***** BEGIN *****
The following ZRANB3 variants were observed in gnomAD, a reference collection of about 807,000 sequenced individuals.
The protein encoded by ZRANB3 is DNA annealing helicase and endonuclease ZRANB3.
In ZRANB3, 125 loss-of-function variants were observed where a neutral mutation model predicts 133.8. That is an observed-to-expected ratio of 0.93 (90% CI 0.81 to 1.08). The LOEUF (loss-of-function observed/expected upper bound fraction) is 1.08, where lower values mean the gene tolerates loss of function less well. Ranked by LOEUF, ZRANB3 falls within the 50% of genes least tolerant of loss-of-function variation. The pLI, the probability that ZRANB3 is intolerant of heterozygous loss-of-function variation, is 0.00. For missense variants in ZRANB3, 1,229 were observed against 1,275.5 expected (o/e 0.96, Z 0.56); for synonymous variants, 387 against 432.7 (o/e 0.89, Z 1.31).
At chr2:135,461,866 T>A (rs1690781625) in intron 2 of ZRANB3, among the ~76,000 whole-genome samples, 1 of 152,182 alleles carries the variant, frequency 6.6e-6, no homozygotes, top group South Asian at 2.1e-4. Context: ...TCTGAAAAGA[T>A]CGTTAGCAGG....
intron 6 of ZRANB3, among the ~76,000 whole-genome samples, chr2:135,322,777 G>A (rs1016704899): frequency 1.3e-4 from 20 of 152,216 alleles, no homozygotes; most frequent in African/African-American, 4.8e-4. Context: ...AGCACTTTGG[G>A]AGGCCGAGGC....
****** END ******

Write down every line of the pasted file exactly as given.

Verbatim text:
The following ZRANB3 variants were observed in gnomAD, a reference collection of about 807,000 sequenced individuals.
The protein encoded by ZRANB3 is DNA annealing helicase and endonuclease ZRANB3.
In ZRANB3, 125 loss-of-function variants were observed where a neutral mutation model predicts 133.8. That is an observed-to-expected ratio of 0.93 (90% CI 0.81 to 1.08). The LOEUF (loss-of-function observed/expected upper bound fraction) is 1.08, where lower values mean the gene tolerates loss of function less well. Ranked by LOEUF, ZRANB3 falls within the 50% of genes least tolerant of loss-of-function variation. The pLI, the probability that ZRANB3 is intolerant of heterozygous loss-of-function variation, is 0.00. For missense variants in ZRANB3, 1,229 were observed against 1,275.5 expected (o/e 0.96, Z 0.56); for synonymous variants, 387 against 432.7 (o/e 0.89, Z 1.31).
At chr2:135,461,866 T>A (rs1690781625) in intron 2 of ZRANB3, among the ~76,000 whole-genome samples, 1 of 152,182 alleles carries the variant, frequency 6.6e-6, no homozygotes, top group South Asian at 2.1e-4. Context: ...TCTGAAAAGA[T>A]CGTTAGCAGG....
intron 6 of ZRANB3, among the ~76,000 whole-genome samples, chr2:135,322,777 G>A (rs1016704899): frequency 1.3e-4 from 20 of 152,216 alleles, no homozygotes; most frequent in African/African-American, 4.8e-4. Context: ...AGCACTTTGG[G>A]AGGCCGAGGC....